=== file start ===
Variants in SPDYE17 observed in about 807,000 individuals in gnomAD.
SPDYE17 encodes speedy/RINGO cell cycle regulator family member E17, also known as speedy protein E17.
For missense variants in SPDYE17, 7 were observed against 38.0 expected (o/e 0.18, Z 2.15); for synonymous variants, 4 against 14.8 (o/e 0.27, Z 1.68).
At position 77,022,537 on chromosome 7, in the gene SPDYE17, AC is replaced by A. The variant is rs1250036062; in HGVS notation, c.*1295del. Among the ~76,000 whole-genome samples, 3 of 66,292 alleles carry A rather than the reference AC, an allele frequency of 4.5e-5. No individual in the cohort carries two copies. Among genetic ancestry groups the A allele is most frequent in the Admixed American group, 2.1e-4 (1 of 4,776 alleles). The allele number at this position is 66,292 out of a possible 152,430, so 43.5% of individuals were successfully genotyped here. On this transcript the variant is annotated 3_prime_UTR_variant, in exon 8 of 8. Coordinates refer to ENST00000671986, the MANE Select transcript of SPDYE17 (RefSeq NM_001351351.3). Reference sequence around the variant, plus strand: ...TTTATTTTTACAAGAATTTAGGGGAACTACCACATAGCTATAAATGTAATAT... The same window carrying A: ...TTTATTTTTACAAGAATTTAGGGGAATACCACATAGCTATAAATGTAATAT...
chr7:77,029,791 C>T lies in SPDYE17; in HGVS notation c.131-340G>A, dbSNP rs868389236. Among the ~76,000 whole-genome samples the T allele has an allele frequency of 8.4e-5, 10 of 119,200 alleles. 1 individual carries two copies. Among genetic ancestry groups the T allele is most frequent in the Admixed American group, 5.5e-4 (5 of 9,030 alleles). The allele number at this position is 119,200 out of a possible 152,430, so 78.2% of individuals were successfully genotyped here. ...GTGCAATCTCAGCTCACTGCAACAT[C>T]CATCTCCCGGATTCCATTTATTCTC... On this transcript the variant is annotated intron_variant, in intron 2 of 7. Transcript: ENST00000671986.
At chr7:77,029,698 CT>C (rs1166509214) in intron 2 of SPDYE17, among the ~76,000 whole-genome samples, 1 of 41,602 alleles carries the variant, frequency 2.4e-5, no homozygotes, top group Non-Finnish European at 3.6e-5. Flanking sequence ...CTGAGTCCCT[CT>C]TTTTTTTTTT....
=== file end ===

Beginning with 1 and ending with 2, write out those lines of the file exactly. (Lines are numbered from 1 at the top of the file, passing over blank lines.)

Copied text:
Variants in SPDYE17 observed in about 807,000 individuals in gnomAD.
SPDYE17 encodes speedy/RINGO cell cycle regulator family member E17, also known as speedy protein E17.